LINGUIST List 14.3204

Fri Nov 21 2003

Qs: Neutral Vowels; Japanese Suffixes

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  1. Madalena Cruz-Ferreira, Neutral vowels across languages
  2. Benjamin Barrett, Treatments and Origins of Shii/Rashii

Message 1: Neutral vowels across languages

Date: Thu, 20 Nov 2003 19:55:40 -0500 (EST)
From: Madalena Cruz-Ferreira <>
Subject: Neutral vowels across languages

Dear all, 

In some languages, there is one same 'neutral' vowel that is used in a
number of ways, like: 
-it occurs in unstressed syllables only, and can also be the vowel
with which other vowels alternate in stress shifts due eg to
-it is an epenthetic vowel, eg to break consonant clusters
-it occurs in filled pauses. In English and in Portuguese, there is
one neutral vowel that fulfils all three criteria, though the quality
of the vowel is different in each of these languages.

Would you be able to give me, or tell me where to find, information

1.whether other languages have one, or more than one, neutral vowel;
2.whether neutral vowels of other languages fulfil these 3 criteria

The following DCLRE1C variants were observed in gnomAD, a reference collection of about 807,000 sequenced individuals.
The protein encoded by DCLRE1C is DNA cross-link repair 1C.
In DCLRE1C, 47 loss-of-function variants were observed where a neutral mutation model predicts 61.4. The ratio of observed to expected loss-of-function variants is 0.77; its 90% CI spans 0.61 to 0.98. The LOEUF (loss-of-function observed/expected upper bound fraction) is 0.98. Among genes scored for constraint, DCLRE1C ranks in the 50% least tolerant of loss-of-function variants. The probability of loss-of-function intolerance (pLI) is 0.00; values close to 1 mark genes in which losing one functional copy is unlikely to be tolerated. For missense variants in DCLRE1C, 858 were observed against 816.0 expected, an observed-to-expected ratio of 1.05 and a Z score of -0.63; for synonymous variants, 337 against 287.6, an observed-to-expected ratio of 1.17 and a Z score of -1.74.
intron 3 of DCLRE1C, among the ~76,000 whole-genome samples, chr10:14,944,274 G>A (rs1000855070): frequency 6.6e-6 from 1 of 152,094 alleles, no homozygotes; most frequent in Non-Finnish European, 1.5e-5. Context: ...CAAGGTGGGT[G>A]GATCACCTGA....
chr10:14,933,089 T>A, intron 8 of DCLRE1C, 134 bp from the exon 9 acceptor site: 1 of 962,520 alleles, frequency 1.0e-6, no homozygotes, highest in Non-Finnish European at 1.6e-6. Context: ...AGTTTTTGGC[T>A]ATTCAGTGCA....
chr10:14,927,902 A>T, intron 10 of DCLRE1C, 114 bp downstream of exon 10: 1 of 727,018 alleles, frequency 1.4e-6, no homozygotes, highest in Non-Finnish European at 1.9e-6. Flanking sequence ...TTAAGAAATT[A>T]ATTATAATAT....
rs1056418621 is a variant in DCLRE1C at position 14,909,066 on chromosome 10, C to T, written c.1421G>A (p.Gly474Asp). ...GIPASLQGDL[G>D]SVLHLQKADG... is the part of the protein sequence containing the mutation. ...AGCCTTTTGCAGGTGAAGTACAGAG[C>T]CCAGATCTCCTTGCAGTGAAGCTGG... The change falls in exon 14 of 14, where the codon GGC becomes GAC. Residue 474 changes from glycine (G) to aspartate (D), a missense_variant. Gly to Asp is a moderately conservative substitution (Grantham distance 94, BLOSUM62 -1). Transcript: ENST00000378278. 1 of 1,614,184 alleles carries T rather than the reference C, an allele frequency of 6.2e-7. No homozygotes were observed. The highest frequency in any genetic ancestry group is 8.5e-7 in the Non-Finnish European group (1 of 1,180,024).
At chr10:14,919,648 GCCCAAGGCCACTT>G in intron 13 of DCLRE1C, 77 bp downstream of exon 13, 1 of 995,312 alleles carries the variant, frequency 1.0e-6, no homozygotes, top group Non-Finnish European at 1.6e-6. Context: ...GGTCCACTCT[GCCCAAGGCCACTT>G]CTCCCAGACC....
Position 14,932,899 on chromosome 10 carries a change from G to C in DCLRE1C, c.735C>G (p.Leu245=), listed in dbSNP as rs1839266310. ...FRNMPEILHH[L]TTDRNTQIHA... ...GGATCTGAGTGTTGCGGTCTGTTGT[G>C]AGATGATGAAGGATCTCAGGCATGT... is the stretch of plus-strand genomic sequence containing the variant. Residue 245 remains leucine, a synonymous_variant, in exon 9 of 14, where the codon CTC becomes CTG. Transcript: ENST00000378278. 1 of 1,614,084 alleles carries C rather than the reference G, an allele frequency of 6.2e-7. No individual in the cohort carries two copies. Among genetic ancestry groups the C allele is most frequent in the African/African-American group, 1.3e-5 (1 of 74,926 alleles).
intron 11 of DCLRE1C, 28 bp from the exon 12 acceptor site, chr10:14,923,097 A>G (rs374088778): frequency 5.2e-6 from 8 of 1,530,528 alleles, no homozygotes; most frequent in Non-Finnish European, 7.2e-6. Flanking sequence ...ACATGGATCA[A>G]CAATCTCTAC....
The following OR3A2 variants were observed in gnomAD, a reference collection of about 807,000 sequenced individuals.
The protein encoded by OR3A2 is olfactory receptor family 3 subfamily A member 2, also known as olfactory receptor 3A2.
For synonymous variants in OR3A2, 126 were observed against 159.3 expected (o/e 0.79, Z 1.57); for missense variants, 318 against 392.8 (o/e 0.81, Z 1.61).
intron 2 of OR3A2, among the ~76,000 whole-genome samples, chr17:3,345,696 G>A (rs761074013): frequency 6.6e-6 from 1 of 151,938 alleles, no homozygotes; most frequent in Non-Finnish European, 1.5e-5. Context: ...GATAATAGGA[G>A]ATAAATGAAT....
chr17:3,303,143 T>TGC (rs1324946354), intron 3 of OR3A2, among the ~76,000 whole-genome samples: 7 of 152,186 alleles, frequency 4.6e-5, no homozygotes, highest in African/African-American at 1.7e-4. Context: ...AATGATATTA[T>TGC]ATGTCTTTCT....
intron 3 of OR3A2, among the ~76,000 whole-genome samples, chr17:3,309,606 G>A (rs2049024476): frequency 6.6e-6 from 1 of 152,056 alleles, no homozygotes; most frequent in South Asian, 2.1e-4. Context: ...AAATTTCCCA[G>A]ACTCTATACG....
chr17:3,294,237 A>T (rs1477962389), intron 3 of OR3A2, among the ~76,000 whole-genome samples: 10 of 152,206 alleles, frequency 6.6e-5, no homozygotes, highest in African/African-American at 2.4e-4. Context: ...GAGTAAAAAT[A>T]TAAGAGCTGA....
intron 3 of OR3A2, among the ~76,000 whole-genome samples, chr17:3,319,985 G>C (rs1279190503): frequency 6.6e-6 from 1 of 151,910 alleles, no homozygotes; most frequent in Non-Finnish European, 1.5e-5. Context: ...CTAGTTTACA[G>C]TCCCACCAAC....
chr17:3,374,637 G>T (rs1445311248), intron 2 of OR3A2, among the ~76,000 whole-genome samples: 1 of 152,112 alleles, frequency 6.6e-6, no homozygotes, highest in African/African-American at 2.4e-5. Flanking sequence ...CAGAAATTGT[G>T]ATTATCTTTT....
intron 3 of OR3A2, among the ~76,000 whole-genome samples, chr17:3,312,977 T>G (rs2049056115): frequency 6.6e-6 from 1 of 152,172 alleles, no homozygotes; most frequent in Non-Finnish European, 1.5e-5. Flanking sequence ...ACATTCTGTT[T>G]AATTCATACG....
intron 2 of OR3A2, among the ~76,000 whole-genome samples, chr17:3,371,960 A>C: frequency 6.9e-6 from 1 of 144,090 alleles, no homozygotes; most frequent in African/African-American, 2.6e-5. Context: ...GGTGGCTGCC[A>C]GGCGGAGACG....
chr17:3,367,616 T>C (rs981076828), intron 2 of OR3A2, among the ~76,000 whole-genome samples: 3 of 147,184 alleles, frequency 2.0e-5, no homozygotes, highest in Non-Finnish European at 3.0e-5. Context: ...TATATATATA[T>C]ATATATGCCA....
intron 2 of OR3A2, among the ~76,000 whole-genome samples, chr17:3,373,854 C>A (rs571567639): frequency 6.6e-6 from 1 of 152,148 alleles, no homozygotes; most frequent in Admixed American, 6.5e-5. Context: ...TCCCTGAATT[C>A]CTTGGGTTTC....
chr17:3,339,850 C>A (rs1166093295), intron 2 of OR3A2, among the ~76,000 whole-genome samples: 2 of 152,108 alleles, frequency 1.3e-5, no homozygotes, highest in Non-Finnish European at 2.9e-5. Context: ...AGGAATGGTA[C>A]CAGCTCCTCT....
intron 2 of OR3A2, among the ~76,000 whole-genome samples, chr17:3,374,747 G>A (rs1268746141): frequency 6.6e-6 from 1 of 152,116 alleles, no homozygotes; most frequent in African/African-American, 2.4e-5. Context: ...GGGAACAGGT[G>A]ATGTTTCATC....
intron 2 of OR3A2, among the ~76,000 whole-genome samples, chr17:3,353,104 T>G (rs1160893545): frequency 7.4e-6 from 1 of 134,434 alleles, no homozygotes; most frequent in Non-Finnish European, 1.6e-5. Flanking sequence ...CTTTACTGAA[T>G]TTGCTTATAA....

(only 1, or 2? other criteria? which vowel is used for what?);
3.the phonetic quality of this vowel /these vowels.

**Please note that I'm not necessarily looking for ''schwa-like''
vowels. The neutral vowel of English is usually called ''schwa'',
though the use of this term for other languages is ambiguous, as far
as I understand. It can mean 'neutral' vowel, which is a functional
label, or it can mean a 'lax unrounded mid central' quality, which is
an articulatory label. Both meanings are true of the English neutral
vowel, but not of the Portuguese one. I also wonder whether I should
be asking for sonorants, instead of vowels. Some varieties of Swedish
use, I believe, [n] for filled pauses**

Many thanks for your help! I look forward to your replies and I will
of course post back any returns.

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Message 2: Treatments and Origins of Shii/Rashii

Date: Thu, 20 Nov 2003 16:06:06 -0500 (EST)
From: Benjamin Barrett <>
Subject: Treatments and Origins of Shii/Rashii

I am unable to locate any materials giving the origins of the Japanese
suffixes shii/rashii, other than the classical shii<shi, rashii<rashi.

Although I have found some grammatical treatments of rashii, other
than a quick mention in a text (without reference or explanation) that
-shii adjectives have an emotive content, I have been unable to find
any treatment of shii.

Does anyone on this list know of any work showing the origins of
shii/rashii or an explanation of -shii adjectives?

I will follow-up with a summary of all posts received.

Benjamin Barrett
Graduate Student, Department of Linguistics
University of Washington 

Subject-Language: Japanese; Code: JPN 
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